The term abs may have you thinking about a flat stomach and bathing suit season, but there is more to this body part than just appearances. Your abdomen plays a part in good posture, rotating and bending your body and powering your extremities. Tight abs and a flat stomach can help you go faster, farther and longer in nearly everything you do.
No matter what sport you are doing, when you work out, all of your power comes from your core. Your core is made up of four muscles: the rectus abdominis, transversus abdominis, internal obliques and external obliques. These muscles connect to your pelvis, lower back, hips, glutes and legs to help your body transfer force to your arms and legs. The stronger your core is, the more balanced and stable your whole body becomes.
When it comes to targeting your entire core, nothing works better than the stability ball. Sure, you might be concerned that you’ll end up spread out across the gym floor if you lose control, but chances are that won’t happen. Core exercises on the stability ball target your abdominal muscles significantly more than traditional floor moves, according to a study published in the “Journal of Strength and Conditioning Research” in 2007. The best moves on the ball to target your rectus abdominis and external and internal obliques are the roll-out and the pike, according to a study by the “Journal of Orthopaedic and Sports Physical Therapy” in 2010.
Every year it seems science changes its advocation of the best way to do a situp. To get the most out of the traditional situp, which engages the rectus abdominis and external obliques, you need to use the proper form. For this, lie on your back with your knees bent and feet firmly planted on the floor hip-width apart. Fold your arms across your chest. As you tighten your abdominal muscles, raise your head and shoulders off the floor about 6 inches and then return to the starting position.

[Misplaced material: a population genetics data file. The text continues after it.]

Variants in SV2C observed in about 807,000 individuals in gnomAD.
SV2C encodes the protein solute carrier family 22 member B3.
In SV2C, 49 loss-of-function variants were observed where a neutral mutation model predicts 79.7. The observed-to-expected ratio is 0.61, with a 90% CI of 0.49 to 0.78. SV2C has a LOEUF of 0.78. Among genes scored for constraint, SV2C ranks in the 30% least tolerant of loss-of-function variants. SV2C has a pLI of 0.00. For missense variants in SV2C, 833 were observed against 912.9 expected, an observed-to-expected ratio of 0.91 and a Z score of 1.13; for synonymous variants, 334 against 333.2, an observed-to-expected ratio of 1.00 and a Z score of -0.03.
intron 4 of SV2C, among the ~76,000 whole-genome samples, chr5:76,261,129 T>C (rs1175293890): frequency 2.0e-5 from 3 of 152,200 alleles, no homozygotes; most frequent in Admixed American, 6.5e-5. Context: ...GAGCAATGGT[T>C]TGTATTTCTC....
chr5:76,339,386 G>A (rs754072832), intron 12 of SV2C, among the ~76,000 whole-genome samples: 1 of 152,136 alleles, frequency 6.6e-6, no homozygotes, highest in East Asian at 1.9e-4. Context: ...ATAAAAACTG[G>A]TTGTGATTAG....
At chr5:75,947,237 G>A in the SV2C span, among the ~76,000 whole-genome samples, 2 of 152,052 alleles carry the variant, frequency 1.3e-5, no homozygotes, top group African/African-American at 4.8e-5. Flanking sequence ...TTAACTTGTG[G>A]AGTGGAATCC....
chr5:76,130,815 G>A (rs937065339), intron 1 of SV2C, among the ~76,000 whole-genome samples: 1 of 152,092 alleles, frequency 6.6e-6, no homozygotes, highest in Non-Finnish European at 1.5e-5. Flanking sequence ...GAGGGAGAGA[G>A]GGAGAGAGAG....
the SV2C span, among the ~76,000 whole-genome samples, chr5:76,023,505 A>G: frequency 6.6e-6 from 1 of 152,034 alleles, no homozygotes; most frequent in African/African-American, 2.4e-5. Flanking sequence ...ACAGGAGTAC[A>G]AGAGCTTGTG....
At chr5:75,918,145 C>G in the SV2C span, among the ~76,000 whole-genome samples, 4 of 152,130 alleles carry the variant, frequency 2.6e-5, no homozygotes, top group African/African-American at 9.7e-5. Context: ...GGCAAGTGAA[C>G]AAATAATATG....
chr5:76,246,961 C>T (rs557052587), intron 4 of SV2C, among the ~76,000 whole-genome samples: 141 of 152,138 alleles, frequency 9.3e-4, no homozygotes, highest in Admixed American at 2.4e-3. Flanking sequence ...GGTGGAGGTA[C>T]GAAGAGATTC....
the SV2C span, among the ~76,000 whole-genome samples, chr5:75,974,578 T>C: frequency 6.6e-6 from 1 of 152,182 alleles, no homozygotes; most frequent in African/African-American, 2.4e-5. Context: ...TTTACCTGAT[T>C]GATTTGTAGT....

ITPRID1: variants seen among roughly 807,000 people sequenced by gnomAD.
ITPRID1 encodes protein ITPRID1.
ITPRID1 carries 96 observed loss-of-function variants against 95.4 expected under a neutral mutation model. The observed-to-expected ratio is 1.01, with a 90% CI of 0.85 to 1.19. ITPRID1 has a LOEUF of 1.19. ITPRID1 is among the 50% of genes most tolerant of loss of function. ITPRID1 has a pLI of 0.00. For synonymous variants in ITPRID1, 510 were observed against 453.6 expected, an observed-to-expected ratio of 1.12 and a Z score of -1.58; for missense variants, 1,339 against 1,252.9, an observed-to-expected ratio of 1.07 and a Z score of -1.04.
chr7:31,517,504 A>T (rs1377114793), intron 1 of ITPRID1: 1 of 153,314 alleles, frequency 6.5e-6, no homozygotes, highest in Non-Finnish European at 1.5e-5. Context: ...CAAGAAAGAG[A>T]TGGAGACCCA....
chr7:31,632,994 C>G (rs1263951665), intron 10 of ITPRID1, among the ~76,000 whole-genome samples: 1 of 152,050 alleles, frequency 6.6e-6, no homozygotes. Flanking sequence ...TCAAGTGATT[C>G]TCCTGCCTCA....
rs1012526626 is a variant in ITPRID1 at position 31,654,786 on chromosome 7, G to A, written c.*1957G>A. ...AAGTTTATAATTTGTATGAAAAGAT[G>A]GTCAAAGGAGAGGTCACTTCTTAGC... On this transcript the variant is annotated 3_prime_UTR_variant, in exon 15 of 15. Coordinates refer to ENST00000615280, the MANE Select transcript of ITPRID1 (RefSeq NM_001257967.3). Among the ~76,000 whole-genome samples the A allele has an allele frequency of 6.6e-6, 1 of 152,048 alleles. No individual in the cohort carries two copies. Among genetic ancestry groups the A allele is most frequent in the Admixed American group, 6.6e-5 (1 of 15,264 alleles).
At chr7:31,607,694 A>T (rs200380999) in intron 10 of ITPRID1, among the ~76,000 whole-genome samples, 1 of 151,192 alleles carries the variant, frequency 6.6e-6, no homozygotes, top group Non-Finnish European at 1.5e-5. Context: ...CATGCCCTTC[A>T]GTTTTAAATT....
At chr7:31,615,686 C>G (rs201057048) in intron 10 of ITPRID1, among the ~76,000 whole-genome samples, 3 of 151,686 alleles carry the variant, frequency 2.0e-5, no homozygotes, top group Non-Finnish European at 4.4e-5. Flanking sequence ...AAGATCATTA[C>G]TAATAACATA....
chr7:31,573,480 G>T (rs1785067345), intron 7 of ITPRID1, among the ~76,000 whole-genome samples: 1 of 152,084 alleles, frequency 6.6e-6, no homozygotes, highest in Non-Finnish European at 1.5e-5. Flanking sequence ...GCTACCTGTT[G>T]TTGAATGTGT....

By using a medicine ball, you not only tighten your abs but you also build power, flexibility, endurance and functional fitness. Medicine balls range in weight from 1 to 50 pounds. Select a ball that is heavy enough to slow down your exercise but not so heavy that you lose control or cannot maintain proper form. For a few examples of medicine ball moves, try holding a plank on the medicine ball or performing a pushup with it. For the pushup, start with both hands on the ball in a pushup position and then quickly move your hands off to the sides of the ball and lower into a pushup. Your chest should nearly touch the ball. Push back up and put your palms back on the ball.
- Journal of Strength and Conditioning Research: Electromyographic Comparison Of A Stability Ball Crunch With A Traditional Crunch
- Journal of Orthopaedic and Sports Physical Therapy: Core Muscle Activation During Swiss Ball and Traditional Abdominal Exercises
- Applied Physiology, Nutrition and Metabolism: The Effects Of Different Sit- And Curl-Up Positions On Activation of Abdominal and Hip Flexor Musculature
- Mayo Clinic: Abdominal Crunch
- American College of Sports Medicine: Selecting and Effectively Using a Medicine Ball
- Mayo Clinic: Core exercises: Why You Should Strengthen Your Core Muscles
- Human Kinetics: Functional Anatomy of the Core: The Abdomen
- Stack.Com: Core Exercises to Boost Your Power
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